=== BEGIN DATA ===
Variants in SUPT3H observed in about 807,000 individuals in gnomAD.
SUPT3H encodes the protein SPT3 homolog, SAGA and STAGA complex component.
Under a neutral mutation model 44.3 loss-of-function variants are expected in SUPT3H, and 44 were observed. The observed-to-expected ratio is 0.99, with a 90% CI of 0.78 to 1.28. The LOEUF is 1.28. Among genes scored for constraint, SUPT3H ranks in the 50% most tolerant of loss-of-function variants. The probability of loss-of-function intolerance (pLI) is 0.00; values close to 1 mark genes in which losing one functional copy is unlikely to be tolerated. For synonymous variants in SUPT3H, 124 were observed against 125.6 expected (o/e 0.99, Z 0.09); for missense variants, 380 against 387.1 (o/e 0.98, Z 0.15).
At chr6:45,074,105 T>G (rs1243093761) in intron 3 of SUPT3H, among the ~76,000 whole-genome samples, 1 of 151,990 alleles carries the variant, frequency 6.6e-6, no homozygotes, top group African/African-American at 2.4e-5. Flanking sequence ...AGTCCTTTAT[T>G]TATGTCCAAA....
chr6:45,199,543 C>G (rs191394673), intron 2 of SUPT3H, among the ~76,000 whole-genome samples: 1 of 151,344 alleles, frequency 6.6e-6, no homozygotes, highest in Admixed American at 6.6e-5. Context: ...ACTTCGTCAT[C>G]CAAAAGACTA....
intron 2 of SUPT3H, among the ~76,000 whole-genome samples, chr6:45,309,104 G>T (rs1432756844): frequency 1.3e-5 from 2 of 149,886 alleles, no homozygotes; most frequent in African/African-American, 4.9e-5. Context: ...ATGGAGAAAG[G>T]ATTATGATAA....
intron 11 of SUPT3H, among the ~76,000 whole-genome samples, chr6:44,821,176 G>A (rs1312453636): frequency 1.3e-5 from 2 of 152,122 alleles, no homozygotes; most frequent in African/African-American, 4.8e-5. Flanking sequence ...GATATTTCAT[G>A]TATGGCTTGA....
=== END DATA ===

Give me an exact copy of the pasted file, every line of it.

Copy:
Variants in SUPT3H observed in about 807,000 individuals in gnomAD.
SUPT3H encodes the protein SPT3 homolog, SAGA and STAGA complex component.
Under a neutral mutation model 44.3 loss-of-function variants are expected in SUPT3H, and 44 were observed. The observed-to-expected ratio is 0.99, with a 90% CI of 0.78 to 1.28. The LOEUF is 1.28. Among genes scored for constraint, SUPT3H ranks in the 50% most tolerant of loss-of-function variants. The probability of loss-of-function intolerance (pLI) is 0.00; values close to 1 mark genes in which losing one functional copy is unlikely to be tolerated. For synonymous variants in SUPT3H, 124 were observed against 125.6 expected (o/e 0.99, Z 0.09); for missense variants, 380 against 387.1 (o/e 0.98, Z 0.15).
At chr6:45,074,105 T>G (rs1243093761) in intron 3 of SUPT3H, among the ~76,000 whole-genome samples, 1 of 151,990 alleles carries the variant, frequency 6.6e-6, no homozygotes, top group African/African-American at 2.4e-5. Flanking sequence ...AGTCCTTTAT[T>G]TATGTCCAAA....
chr6:45,199,543 C>G (rs191394673), intron 2 of SUPT3H, among the ~76,000 whole-genome samples: 1 of 151,344 alleles, frequency 6.6e-6, no homozygotes, highest in Admixed American at 6.6e-5. Context: ...ACTTCGTCAT[C>G]CAAAAGACTA....
intron 2 of SUPT3H, among the ~76,000 whole-genome samples, chr6:45,309,104 G>T (rs1432756844): frequency 1.3e-5 from 2 of 149,886 alleles, no homozygotes; most frequent in African/African-American, 4.9e-5. Context: ...ATGGAGAAAG[G>T]ATTATGATAA....
intron 11 of SUPT3H, among the ~76,000 whole-genome samples, chr6:44,821,176 G>A (rs1312453636): frequency 1.3e-5 from 2 of 152,122 alleles, no homozygotes; most frequent in African/African-American, 4.8e-5. Flanking sequence ...GATATTTCAT[G>A]TATGGCTTGA....